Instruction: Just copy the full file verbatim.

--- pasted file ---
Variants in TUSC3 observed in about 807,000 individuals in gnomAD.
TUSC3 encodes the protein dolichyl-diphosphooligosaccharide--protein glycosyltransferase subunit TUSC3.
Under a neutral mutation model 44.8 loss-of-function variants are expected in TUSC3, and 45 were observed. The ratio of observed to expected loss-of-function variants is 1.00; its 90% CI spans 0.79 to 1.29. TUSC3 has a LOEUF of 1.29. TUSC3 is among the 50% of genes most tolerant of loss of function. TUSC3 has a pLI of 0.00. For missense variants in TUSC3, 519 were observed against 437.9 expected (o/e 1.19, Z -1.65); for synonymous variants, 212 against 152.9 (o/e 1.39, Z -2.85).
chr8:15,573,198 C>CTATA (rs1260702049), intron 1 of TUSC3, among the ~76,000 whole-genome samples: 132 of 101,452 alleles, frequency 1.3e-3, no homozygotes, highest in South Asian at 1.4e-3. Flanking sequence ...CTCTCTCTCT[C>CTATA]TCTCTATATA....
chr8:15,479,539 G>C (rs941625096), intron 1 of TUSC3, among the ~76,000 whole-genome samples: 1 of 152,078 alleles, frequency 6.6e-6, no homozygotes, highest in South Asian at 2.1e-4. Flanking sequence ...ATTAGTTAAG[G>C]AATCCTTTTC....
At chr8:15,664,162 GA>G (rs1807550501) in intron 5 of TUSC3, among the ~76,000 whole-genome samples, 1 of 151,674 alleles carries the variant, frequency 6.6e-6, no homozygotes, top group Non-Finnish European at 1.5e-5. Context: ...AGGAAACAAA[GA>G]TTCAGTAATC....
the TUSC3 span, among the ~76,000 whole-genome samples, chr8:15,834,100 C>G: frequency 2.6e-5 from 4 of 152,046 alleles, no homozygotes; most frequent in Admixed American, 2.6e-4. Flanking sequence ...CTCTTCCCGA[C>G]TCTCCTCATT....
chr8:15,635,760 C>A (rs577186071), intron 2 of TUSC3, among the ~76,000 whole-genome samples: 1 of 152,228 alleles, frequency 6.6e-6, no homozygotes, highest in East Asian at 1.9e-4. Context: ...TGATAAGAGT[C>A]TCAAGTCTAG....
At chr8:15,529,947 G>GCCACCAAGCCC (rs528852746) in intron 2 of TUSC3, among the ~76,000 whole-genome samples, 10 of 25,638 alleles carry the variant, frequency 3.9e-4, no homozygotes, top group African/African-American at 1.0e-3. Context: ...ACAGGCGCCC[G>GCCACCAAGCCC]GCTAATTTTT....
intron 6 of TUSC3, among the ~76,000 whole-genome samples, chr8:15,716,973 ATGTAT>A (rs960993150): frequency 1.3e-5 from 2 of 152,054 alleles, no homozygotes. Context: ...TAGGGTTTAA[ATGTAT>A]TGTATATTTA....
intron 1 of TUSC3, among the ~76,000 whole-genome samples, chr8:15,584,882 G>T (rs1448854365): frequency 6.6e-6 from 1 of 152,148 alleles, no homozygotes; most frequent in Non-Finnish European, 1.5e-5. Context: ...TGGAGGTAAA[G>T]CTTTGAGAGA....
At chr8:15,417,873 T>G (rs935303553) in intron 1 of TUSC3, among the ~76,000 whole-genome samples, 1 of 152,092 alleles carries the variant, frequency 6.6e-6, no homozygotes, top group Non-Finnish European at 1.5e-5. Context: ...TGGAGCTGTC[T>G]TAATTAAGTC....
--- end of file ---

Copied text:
Variants in TUSC3 observed in about 807,000 individuals in gnomAD.
TUSC3 encodes the protein dolichyl-diphosphooligosaccharide--protein glycosyltransferase subunit TUSC3.
Under a neutral mutation model 44.8 loss-of-function variants are expected in TUSC3, and 45 were observed. The ratio of observed to expected loss-of-function variants is 1.00; its 90% CI spans 0.79 to 1.29. TUSC3 has a LOEUF of 1.29. TUSC3 is among the 50% of genes most tolerant of loss of function. TUSC3 has a pLI of 0.00. For missense variants in TUSC3, 519 were observed against 437.9 expected (o/e 1.19, Z -1.65); for synonymous variants, 212 against 152.9 (o/e 1.39, Z -2.85).
chr8:15,573,198 C>CTATA (rs1260702049), intron 1 of TUSC3, among the ~76,000 whole-genome samples: 132 of 101,452 alleles, frequency 1.3e-3, no homozygotes, highest in South Asian at 1.4e-3. Flanking sequence ...CTCTCTCTCT[C>CTATA]TCTCTATATA....
chr8:15,479,539 G>C (rs941625096), intron 1 of TUSC3, among the ~76,000 whole-genome samples: 1 of 152,078 alleles, frequency 6.6e-6, no homozygotes, highest in South Asian at 2.1e-4. Flanking sequence ...ATTAGTTAAG[G>C]AATCCTTTTC....
At chr8:15,664,162 GA>G (rs1807550501) in intron 5 of TUSC3, among the ~76,000 whole-genome samples, 1 of 151,674 alleles carries the variant, frequency 6.6e-6, no homozygotes, top group Non-Finnish European at 1.5e-5. Context: ...AGGAAACAAA[GA>G]TTCAGTAATC....
the TUSC3 span, among the ~76,000 whole-genome samples, chr8:15,834,100 C>G: frequency 2.6e-5 from 4 of 152,046 alleles, no homozygotes; most frequent in Admixed American, 2.6e-4. Flanking sequence ...CTCTTCCCGA[C>G]TCTCCTCATT....
chr8:15,635,760 C>A (rs577186071), intron 2 of TUSC3, among the ~76,000 whole-genome samples: 1 of 152,228 alleles, frequency 6.6e-6, no homozygotes, highest in East Asian at 1.9e-4. Context: ...TGATAAGAGT[C>A]TCAAGTCTAG....
At chr8:15,529,947 G>GCCACCAAGCCC (rs528852746) in intron 2 of TUSC3, among the ~76,000 whole-genome samples, 10 of 25,638 alleles carry the variant, frequency 3.9e-4, no homozygotes, top group African/African-American at 1.0e-3. Context: ...ACAGGCGCCC[G>GCCACCAAGCCC]GCTAATTTTT....
intron 6 of TUSC3, among the ~76,000 whole-genome samples, chr8:15,716,973 ATGTAT>A (rs960993150): frequency 1.3e-5 from 2 of 152,054 alleles, no homozygotes. Context: ...TAGGGTTTAA[ATGTAT>A]TGTATATTTA....
intron 1 of TUSC3, among the ~76,000 whole-genome samples, chr8:15,584,882 G>T (rs1448854365): frequency 6.6e-6 from 1 of 152,148 alleles, no homozygotes; most frequent in Non-Finnish European, 1.5e-5. Context: ...TGGAGGTAAA[G>T]CTTTGAGAGA....
At chr8:15,417,873 T>G (rs935303553) in intron 1 of TUSC3, among the ~76,000 whole-genome samples, 1 of 152,092 alleles carries the variant, frequency 6.6e-6, no homozygotes, top group Non-Finnish European at 1.5e-5. Context: ...TGGAGCTGTC[T>G]TAATTAAGTC....